Last year was a bust for that key New England tradition, the summer carnival. Most were canceled outright. Others turned to the “drive-in” format to recoup fiscal losses. Carnival and fair operations represent a billion-dollar industry nationwide, generating hundreds of millions of dollars in state and local revenue and employing hundreds of thousands of people. The economic knock-on effects provided to local vendors, hotels, restaurants and the like are incalculable.
This year the industry is hoping for a renaissance. Sharon Popovich of Reithoffer Shows, a Florida-based travelling carnival company in operation for over a century, said the pandemic shot a hole through many of the smaller traveling carnivals, leaving a demand for mobile attractions for the summer county fair circuit. The culprit is not the virus, but the aftershocks the pandemic left on national and local economies.
“Some of the smaller companies didn’t make it,” she said. “It’s unfortunate because many people missed their fair last year. They have pent-up desire to attend this year. We are getting the people, but we just don’t have the labor force to give them the big event that they really want.”
The northeastern carnival circuit follows the same schedule as other summer attractions, relying on steady business from Memorial Day to Labor Day to keep afloat. Popovich said the upcoming season could be bleak for the region. Reithoffer usually travels as far north as Brockton for their annual fair — hitting over 40 events around the country in a normal year — however that event has been cancelled.
The website carnivalwarehouse.com, an online clearinghouse for all things carnival, shows only one event scheduled in Rhode Island, the Washington County Fair, scheduled for August.
Washington County Fair committee co-chair Roxanne Nelson said the group is excited to bring back the annual tradition. Last year’s event was held virtually, which curtailed the charitable fundraising that participating organizations rely upon. The fair will be welcoming Johnston-based Rockwell Amusements, Rhode Island’s only carnival company.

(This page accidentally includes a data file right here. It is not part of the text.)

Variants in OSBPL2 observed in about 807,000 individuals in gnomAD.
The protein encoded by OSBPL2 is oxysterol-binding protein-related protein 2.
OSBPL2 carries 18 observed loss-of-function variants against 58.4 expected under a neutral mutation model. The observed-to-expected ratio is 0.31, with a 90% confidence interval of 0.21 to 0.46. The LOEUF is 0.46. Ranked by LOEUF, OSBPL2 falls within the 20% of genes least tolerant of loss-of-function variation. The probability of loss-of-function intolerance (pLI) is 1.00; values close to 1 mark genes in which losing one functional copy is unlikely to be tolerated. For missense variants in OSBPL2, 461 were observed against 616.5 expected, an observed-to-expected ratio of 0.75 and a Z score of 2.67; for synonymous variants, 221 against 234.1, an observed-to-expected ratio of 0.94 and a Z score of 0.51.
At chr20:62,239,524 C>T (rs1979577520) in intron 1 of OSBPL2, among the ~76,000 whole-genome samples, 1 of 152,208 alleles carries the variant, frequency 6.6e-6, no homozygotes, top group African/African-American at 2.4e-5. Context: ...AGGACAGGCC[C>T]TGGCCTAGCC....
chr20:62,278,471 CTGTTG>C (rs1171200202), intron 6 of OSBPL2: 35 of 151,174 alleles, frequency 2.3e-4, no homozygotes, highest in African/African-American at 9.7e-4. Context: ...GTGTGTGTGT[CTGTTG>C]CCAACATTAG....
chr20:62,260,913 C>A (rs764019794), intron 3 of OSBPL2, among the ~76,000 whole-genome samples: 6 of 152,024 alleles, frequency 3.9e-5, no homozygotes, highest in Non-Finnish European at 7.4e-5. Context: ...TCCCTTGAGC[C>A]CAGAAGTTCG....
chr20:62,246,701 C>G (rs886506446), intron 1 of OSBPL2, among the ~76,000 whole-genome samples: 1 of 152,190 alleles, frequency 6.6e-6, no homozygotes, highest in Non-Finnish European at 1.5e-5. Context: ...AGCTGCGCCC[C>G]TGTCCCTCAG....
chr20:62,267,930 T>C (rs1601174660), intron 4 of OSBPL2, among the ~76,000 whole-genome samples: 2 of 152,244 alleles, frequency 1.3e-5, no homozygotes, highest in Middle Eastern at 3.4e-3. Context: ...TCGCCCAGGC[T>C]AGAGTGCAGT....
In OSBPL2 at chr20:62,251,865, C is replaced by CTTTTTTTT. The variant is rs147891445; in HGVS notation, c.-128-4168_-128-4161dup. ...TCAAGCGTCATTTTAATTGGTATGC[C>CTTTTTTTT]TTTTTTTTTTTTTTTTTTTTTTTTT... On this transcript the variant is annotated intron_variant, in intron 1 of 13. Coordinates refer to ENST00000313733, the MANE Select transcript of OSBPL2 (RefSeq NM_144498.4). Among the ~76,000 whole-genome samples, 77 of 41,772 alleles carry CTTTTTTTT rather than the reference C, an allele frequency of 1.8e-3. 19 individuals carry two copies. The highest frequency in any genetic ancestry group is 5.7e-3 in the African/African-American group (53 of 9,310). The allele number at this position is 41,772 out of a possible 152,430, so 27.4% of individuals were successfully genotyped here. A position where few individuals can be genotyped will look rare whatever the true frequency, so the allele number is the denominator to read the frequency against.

“Many of the food booths do their annual fundraising at the fair, which definitely caused a hardship [in 2020] for their organization,” she said. “Whenever you cancel an in-person event there is always a fear that when you are able to reopen, the patrons won’t remember your event or won’t make plans to attend.”
As states continue to relax COVID restrictions, there is no reason 2021 shouldn’t be a banner year, said Chieko. Early reports suggest a blockbuster run.
“Every carnival is doing phenomenal business. There is a lot of pent-up demand,” he said. “COVID was obviously devastating for our industry. For the most part nobody operated last year. But the carnival folks are very resilient.”
Because most are privately held companies, Chieko said hard data on the total impact from the economic shutdown is tough to establish. He estimates about 90% of 2020 sales were lost.
Popovich acknowledges the carnival life is not for the faint of heart. Employees are on the road for extended stretches of time. The hours are long, and the wages are comparable to the average service industry job that one could work from the comfort of their hometown. The company does provide housing for their employees in the form of small trailers.
Reithoffer often takes on local day labor to supplement staffing.
“Right now we’ll hire anybody,” said Popovich. “It’s been tough. It’s taking us longer to get [to locations] and set up than it used to.”
Like musicians on the road, traveling carnivals rely on a dedicated circuit to move along, generating revenue in one place that in turn allows them to move on to the next. If too many festivals are cancelled, the financial calculus of putting up the capital to travel to a particular region stops making sense.
“We’re coming out of Florida. Is it feasible for us to go north when we only have one event? That’s not going to pay for our expenses,” said Popovich. “So now we are having to cancel events. You have to have the routes. We already lost one year. And this year is not looking good.”
Chieko said the carnivals shall endure. They are part of the country’s DNA.
“It’s traditional Americana,” he said. “What’s more fun than going outside to a carnival with three generations of your family to enjoy the day?”
Perhaps Rhode Island officials should begin mailing invitations to these moveable feasts.